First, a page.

Rural property owners are being urged to delay or cancel lighting fires according to the conditions, even if they have a permit.
Rural property owners are being urged to delay or cancel lighting fires according to the conditions, even if they have a permit.

Big fire sparks call for control

SENIOR rural fire officers are still finalising an investigation into a grass fire which consumed more than 2000 hectares of country on Thursday at The Glen, south of Warwick.

A Rural Fire Service spokesman yesterday confirmed that the owner of the property on which the fire started held a permit to burn, but declined to say if the permit had been breached.

Calls to emergency services about a fire off the New England Hwy began around 12.30pm on Thursday and gusty conditions drove it across the road, with one residence evacuated.

The highway remained closed until early evening as 65 urban and rural firefighters battled to control the blaze.

Fire permits are issued by local fire wardens who can stipulate at what wind speed a fire cannot be lit, but the maximum speed by law is 24kmh.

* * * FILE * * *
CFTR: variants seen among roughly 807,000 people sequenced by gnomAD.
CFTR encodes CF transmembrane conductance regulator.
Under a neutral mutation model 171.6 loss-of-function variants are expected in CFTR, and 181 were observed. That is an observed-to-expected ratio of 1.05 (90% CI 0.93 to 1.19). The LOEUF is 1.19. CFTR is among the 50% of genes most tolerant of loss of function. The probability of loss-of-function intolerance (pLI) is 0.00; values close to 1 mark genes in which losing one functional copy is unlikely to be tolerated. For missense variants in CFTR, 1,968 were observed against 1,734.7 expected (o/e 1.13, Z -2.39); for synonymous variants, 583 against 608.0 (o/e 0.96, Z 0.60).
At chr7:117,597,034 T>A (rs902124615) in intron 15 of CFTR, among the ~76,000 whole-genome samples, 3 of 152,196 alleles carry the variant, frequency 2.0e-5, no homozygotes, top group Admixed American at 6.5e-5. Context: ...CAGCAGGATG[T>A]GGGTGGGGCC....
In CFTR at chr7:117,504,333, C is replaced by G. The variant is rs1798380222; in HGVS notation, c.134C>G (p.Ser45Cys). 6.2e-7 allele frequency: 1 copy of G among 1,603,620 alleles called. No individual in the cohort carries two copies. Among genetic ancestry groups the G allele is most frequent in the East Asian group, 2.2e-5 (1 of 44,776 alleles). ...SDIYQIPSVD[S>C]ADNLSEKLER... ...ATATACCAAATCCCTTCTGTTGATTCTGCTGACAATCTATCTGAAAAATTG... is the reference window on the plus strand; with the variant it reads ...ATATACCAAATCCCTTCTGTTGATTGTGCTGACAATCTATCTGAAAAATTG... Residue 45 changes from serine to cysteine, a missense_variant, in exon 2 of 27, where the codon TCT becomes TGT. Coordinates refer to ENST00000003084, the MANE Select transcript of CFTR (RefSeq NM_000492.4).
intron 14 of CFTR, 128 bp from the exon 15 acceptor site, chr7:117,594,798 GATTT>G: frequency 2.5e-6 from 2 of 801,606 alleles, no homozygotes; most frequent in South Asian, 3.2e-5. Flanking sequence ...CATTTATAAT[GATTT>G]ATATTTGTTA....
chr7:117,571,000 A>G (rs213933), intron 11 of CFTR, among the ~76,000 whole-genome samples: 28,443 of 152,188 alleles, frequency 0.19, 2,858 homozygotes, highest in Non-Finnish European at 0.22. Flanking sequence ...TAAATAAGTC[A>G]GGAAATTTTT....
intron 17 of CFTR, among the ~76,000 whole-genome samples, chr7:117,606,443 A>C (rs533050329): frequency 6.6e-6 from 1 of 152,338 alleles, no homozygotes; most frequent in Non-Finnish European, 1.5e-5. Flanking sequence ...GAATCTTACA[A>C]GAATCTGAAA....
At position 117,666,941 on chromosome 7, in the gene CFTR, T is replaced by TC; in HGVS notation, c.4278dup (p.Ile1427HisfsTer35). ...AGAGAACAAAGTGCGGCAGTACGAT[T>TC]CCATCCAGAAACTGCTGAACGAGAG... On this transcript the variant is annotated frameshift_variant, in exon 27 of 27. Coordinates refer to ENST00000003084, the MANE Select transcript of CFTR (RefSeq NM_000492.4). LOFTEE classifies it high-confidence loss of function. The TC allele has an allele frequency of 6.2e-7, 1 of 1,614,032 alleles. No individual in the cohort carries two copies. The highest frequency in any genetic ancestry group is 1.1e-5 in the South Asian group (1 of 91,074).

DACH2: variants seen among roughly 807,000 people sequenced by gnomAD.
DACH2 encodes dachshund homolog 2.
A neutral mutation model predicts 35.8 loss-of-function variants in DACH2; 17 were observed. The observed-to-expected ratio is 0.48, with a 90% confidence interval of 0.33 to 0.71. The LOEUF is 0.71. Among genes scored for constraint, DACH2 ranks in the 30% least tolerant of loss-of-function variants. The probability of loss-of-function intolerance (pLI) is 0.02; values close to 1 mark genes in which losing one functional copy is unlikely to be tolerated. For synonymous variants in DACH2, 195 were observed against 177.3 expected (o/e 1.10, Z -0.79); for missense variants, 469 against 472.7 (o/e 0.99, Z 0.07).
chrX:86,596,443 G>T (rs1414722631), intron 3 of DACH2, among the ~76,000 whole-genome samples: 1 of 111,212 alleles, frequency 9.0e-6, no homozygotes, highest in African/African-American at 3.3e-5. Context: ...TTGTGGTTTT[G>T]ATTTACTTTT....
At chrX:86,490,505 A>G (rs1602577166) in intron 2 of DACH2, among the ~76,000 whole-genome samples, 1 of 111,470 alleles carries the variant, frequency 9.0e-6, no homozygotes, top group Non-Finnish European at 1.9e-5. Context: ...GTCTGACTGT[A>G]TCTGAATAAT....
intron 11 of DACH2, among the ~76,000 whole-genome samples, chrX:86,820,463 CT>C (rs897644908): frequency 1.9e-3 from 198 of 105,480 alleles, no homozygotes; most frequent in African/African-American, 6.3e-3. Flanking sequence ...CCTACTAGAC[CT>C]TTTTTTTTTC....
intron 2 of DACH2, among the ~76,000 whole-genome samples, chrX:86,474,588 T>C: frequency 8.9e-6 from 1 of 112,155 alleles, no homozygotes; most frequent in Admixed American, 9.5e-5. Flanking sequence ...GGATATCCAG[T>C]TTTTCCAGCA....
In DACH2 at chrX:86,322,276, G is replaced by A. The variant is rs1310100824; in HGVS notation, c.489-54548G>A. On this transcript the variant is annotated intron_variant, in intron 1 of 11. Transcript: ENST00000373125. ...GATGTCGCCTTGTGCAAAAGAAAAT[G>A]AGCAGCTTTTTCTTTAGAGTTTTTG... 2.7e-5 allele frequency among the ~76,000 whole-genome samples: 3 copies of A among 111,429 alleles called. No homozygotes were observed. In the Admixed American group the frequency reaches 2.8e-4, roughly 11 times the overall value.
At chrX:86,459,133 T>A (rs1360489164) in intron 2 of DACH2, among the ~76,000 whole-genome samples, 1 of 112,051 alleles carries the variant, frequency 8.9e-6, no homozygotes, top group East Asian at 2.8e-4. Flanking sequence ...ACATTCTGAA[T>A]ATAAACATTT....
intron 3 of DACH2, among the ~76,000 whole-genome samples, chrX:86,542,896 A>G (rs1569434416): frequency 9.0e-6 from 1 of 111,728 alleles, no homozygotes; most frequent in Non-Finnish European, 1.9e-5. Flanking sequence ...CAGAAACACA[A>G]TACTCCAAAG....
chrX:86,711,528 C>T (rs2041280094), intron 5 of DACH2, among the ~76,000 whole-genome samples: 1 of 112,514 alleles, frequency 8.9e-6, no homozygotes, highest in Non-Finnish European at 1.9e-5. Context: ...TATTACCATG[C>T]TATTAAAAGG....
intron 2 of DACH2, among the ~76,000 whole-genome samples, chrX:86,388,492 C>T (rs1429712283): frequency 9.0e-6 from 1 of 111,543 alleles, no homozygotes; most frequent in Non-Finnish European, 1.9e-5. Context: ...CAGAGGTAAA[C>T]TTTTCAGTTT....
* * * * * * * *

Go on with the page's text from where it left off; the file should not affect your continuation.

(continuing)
Bureau of Meteorology records for Thursday show a wind speed at Warwick at midday of 20kmh, but with gusts of up to 32kmh, rising to 35kmh at 3pm.

Toowoomba Area rural operations inspector Col Neal would yesterday not be drawn on the events leading up to the fire, only to say the he would wrap up his investigation "on Monday or Tuesday".

"What I can say is that we just urge property owners to heed the conditions when considering starting a fire, and Thursday was a gusty day," he said.

"Quite honestly we are expecting one of the worst bushfire seasons on record, with the seasonal conditions and the fuel load (grass) around, we've had the worst fires west of Roma for 50 to 60 years this year."

"We're reviewing conditions on a weekly basis with a view to deciding where total fire bans need to be put in place."

 

Property owners found to be responsible for an illegal fire, without a permit or in breach of one, can face a maximum fine of $5000.


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